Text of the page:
A friend forwarded this article to NA Confidential, and it is much appreciated.
With respect to urban revitalization, disregard partisan political considerations and note the emphasis placed on education and infrastructure development, and consider that there aren't two "no progress at any price" troglodytes in the city of New Albany who together possess the comprehension skills to read all the way to the end without screaming that they don't want their property taxes used to enhance the city's physical plant.
Leaders Explore Revitalization of Cities
by Mark Borak, in Nation’s Cities Weekly.
The National League of Cities joined 21 municipal, private sector and nonprofit leaders in a dynamic forum for metropolitan revitalization ideas at the first joint meeting of the Saving America’s Cities Working Group and Advisory Committee last week.
Chaired by Rep. Mike Turner (R-Ohio), the working group, charged by House Speaker Dennis Hastert (R-Ill.) to examine the challenges facing America’s metropolitan areas and recommend actions, includes 24 House Republicans. An advisory committee of national and municipal leaders, chaired by former HUD Secretary Jack Kemp, complements the working group.
The advisory committee, which includes Washington, D.C., Mayor Anthony A. Williams, NLC president, Chicago Mayor Richard Daley and Akron, Ohio, Mayor Don Plusquellic, joined the working group at the meeting.
Panelists emphasized the need for increased cooperation and coordination between the federal government and local economic regions.
“Cities are the centers of interconnected local economic regions which together comprise the overall U.S. common market,” said panel member Donald J. Borut, executive director of NLC. “The conditions, performance and outlook for the national economy are directly dependent on the condition, performance and outlook for those local economic regions.”
“The seeds of the solution lie in the problem,” said Kemp, who agreed that the foundation of U.S. economic success and competitiveness in the global economy resides with the economic health of America’s cities.
The panel emphasized that investment in education, entrepreneurship and housing opportunities in cities will create national economic benefits and improve the quality of life for all Americans.
“Education levels are one of the most important components of economic performance,” said Carol Coletta, president and CEO of CEOs for Cities, a national organization of leaders from business, academia and government. “Cities that can generate new ideas and industries will also raise incomes and standards of living.”
Sheila Crowley, president of the National Low Income Housing Coalition, drilled down into housing issues and explained that many first responders, teachers and public servants cannot afford to live in the communities where they work. Crowley added that the United States needs to produce 250,000 new housing units each year for low-income residents over the next 20 years to close the projected housing gap.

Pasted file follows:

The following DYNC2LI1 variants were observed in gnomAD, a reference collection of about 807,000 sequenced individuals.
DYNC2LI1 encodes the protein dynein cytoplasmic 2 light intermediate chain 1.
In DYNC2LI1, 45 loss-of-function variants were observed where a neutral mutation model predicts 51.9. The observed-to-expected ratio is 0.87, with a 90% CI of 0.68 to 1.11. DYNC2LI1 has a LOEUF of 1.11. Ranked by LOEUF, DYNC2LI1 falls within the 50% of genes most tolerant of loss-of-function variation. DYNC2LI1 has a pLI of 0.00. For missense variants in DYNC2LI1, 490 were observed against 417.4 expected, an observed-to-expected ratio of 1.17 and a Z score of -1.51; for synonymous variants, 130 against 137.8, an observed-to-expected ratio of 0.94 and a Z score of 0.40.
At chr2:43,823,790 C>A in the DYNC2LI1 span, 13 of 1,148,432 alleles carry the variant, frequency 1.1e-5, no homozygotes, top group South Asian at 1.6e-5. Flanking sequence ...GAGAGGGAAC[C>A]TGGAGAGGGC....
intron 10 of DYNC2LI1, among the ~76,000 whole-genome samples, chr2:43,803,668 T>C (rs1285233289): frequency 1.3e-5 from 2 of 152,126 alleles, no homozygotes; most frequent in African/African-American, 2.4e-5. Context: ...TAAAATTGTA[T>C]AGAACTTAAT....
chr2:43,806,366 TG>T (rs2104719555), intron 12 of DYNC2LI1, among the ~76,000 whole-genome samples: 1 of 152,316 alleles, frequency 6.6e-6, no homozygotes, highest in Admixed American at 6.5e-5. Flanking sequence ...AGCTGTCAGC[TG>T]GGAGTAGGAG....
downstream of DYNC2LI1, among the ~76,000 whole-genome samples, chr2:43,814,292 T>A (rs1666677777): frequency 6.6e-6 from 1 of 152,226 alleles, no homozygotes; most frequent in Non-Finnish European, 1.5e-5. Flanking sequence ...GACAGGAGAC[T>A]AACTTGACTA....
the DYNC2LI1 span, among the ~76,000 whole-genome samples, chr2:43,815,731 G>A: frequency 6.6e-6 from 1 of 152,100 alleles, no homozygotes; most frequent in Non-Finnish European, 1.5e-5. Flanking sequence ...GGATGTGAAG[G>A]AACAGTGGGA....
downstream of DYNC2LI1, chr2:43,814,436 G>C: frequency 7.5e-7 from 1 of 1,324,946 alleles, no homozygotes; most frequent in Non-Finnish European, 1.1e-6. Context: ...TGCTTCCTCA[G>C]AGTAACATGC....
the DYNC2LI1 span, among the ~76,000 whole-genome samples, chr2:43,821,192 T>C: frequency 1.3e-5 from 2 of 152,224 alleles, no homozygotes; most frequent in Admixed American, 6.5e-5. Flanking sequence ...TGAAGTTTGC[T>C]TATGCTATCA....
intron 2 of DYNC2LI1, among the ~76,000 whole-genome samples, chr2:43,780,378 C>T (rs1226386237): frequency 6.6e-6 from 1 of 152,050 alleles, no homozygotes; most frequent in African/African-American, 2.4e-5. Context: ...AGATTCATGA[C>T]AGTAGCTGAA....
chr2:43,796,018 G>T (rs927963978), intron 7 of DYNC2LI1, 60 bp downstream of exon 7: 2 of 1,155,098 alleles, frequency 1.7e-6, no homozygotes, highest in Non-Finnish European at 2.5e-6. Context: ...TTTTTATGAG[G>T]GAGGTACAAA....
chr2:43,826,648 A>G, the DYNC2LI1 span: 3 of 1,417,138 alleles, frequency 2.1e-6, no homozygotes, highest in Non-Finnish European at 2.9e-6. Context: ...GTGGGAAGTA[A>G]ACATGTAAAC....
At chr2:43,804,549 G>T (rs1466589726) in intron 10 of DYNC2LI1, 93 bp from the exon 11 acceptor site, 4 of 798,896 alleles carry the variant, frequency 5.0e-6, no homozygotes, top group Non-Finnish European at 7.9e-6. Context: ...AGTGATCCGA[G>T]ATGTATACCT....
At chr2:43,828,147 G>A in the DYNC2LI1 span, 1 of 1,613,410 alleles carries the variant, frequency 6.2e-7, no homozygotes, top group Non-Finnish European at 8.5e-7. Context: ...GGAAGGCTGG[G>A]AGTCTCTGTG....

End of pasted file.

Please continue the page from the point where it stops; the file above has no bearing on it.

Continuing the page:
To provide enough low- and mid-income housing to serve our cities’ populations, the panelists emphasized using different approaches that would complement existing infrastructure, redevelop “brownfields” and use creative methods to marry private development with public interests.
“Investment in infrastructure would pave the way for increased development, but local governments can’t handle these costs alone,” said Jeff Soule of the American Planning Association.
“There is a need for a greater level of incentives in addition to federal funding in the form of block grants and loans to lower the barriers to redevelopment for the private sector,” said advisory committee member Marc Morial, president and CEO of the National Urban League and former mayor of New Orleans.
The real estate boom and a resurgent interest by empty-nest suburbanites in downtown living provide both an opportunity for revitalization and a danger of accentuating challenges facing America’s cities.
“Investment in housing must be met with investment in people through education, job opportunities and support for minority-owned businesses,” said Advisory Committee member Valerie Lemmie, city manager of Cincinnati, and president of the National Academy of Public Administration.
“People are our most valuable resource,” agreed Kemp.
On specific issues, panelists offered their full support for the Community Development Block Grant (CDBG) program and low-income housing tax credits as tools to spur redevelopment in blighted, abandoned, and historic areas.
“We need to recognize the primacy of CDBG as the ‘centerpiece’ of urban revitalization,” said Morial.
Many panelists provided examples of how mixed-income housing and redevelopment projects had contributed to higher living standards, property values, and tax revenue, but needed initial public investment of funds to break ground.
Kemp referenced a House bill (H.R. 1461) that would require two government-sponsored organizations, mortgage giants Fannie Mae and Freddie Mac, to set-aside 5 percent of their annual profits for affordable housing construction. Kemp speculated that this could help spark reinvestment in metropolitan areas.
See also the National League of Cities web site.